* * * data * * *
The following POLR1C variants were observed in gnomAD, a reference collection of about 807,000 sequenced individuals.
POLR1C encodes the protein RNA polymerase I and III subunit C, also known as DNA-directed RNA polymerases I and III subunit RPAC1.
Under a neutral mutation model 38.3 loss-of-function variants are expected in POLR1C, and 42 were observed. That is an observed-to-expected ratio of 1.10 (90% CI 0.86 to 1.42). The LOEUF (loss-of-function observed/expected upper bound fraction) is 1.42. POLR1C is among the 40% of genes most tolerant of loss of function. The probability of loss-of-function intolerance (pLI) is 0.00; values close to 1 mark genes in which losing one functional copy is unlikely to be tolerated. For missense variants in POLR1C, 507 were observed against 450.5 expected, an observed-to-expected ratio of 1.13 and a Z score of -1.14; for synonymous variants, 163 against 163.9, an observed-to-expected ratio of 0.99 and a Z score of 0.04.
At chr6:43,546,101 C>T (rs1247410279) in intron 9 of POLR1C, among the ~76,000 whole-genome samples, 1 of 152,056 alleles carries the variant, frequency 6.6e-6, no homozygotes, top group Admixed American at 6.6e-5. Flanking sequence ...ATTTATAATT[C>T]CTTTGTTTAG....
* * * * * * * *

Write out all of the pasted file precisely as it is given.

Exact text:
The following POLR1C variants were observed in gnomAD, a reference collection of about 807,000 sequenced individuals.
POLR1C encodes the protein RNA polymerase I and III subunit C, also known as DNA-directed RNA polymerases I and III subunit RPAC1.
Under a neutral mutation model 38.3 loss-of-function variants are expected in POLR1C, and 42 were observed. That is an observed-to-expected ratio of 1.10 (90% CI 0.86 to 1.42). The LOEUF (loss-of-function observed/expected upper bound fraction) is 1.42. POLR1C is among the 40% of genes most tolerant of loss of function. The probability of loss-of-function intolerance (pLI) is 0.00; values close to 1 mark genes in which losing one functional copy is unlikely to be tolerated. For missense variants in POLR1C, 507 were observed against 450.5 expected, an observed-to-expected ratio of 1.13 and a Z score of -1.14; for synonymous variants, 163 against 163.9, an observed-to-expected ratio of 0.99 and a Z score of 0.04.
At chr6:43,546,101 C>T (rs1247410279) in intron 9 of POLR1C, among the ~76,000 whole-genome samples, 1 of 152,056 alleles carries the variant, frequency 6.6e-6, no homozygotes, top group Admixed American at 6.6e-5. Flanking sequence ...ATTTATAATT[C>T]CTTTGTTTAG....